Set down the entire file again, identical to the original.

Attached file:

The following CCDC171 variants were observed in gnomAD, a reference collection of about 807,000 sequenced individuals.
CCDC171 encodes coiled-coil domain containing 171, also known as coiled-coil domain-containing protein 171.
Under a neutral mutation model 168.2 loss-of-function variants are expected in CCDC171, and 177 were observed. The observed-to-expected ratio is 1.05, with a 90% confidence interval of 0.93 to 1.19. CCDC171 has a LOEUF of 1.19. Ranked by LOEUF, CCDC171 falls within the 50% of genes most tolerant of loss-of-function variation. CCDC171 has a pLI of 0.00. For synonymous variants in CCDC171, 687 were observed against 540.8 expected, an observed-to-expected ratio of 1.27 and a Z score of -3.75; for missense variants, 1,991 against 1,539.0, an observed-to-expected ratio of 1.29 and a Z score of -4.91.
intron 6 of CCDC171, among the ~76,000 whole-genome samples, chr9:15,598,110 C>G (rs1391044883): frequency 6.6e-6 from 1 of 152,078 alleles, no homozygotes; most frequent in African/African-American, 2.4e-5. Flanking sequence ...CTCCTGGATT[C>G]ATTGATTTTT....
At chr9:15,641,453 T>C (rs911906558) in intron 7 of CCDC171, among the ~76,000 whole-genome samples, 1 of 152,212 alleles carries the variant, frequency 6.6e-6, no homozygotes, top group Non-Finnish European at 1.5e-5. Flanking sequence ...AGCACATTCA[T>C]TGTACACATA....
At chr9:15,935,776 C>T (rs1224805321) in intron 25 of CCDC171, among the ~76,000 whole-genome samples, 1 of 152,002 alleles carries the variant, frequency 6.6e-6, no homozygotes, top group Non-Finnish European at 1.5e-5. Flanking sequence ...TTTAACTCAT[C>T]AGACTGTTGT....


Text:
The following CCDC171 variants were observed in gnomAD, a reference collection of about 807,000 sequenced individuals.
CCDC171 encodes coiled-coil domain containing 171, also known as coiled-coil domain-containing protein 171.
Under a neutral mutation model 168.2 loss-of-function variants are expected in CCDC171, and 177 were observed. The observed-to-expected ratio is 1.05, with a 90% confidence interval of 0.93 to 1.19. CCDC171 has a LOEUF of 1.19. Ranked by LOEUF, CCDC171 falls within the 50% of genes most tolerant of loss-of-function variation. CCDC171 has a pLI of 0.00. For synonymous variants in CCDC171, 687 were observed against 540.8 expected, an observed-to-expected ratio of 1.27 and a Z score of -3.75; for missense variants, 1,991 against 1,539.0, an observed-to-expected ratio of 1.29 and a Z score of -4.91.
intron 6 of CCDC171, among the ~76,000 whole-genome samples, chr9:15,598,110 C>G (rs1391044883): frequency 6.6e-6 from 1 of 152,078 alleles, no homozygotes; most frequent in African/African-American, 2.4e-5. Flanking sequence ...CTCCTGGATT[C>G]ATTGATTTTT....
At chr9:15,641,453 T>C (rs911906558) in intron 7 of CCDC171, among the ~76,000 whole-genome samples, 1 of 152,212 alleles carries the variant, frequency 6.6e-6, no homozygotes, top group Non-Finnish European at 1.5e-5. Flanking sequence ...AGCACATTCA[T>C]TGTACACATA....
At chr9:15,935,776 C>T (rs1224805321) in intron 25 of CCDC171, among the ~76,000 whole-genome samples, 1 of 152,002 alleles carries the variant, frequency 6.6e-6, no homozygotes, top group Non-Finnish European at 1.5e-5. Flanking sequence ...TTTAACTCAT[C>T]AGACTGTTGT....